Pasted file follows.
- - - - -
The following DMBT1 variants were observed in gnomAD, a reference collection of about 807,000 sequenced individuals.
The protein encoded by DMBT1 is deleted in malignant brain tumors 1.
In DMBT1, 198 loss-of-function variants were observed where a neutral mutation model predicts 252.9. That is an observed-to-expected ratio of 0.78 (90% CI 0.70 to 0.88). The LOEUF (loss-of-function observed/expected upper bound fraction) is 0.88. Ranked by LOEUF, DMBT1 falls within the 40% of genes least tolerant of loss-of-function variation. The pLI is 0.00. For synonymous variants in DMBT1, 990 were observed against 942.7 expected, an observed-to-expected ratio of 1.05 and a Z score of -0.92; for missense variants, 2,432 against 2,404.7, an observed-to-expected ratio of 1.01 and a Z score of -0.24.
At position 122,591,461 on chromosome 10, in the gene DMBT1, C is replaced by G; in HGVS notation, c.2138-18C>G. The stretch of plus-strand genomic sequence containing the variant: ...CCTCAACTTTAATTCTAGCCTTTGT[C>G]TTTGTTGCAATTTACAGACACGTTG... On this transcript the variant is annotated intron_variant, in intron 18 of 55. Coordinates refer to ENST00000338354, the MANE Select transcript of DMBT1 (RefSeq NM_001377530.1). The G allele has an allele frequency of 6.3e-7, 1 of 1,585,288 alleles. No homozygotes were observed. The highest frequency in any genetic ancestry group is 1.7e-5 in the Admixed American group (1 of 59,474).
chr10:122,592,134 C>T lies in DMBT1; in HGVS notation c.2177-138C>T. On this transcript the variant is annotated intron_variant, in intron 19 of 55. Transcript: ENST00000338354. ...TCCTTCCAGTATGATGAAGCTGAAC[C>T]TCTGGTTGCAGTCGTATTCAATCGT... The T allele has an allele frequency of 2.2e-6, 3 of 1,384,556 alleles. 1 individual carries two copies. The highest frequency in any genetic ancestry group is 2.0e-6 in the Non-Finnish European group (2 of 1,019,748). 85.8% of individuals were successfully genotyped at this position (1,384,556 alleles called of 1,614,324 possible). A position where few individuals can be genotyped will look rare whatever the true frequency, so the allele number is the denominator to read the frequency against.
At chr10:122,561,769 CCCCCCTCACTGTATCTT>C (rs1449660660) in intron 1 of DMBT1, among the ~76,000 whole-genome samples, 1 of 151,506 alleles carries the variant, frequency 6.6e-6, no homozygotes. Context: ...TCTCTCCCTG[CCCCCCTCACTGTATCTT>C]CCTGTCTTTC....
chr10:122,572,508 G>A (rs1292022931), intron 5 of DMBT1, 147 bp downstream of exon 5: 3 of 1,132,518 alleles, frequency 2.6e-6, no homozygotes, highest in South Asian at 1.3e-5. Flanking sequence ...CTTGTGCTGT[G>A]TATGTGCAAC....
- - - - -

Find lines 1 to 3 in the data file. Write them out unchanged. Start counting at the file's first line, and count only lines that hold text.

The following DMBT1 variants were observed in gnomAD, a reference collection of about 807,000 sequenced individuals.
The protein encoded by DMBT1 is deleted in malignant brain tumors 1.
In DMBT1, 198 loss-of-function variants were observed where a neutral mutation model predicts 252.9. That is an observed-to-expected ratio of 0.78 (90% CI 0.70 to 0.88). The LOEUF (loss-of-function observed/expected upper bound fraction) is 0.88. Ranked by LOEUF, DMBT1 falls within the 40% of genes least tolerant of loss-of-function variation. The pLI is 0.00. For synonymous variants in DMBT1, 990 were observed against 942.7 expected, an observed-to-expected ratio of 1.05 and a Z score of -0.92; for missense variants, 2,432 against 2,404.7, an observed-to-expected ratio of 1.01 and a Z score of -0.24.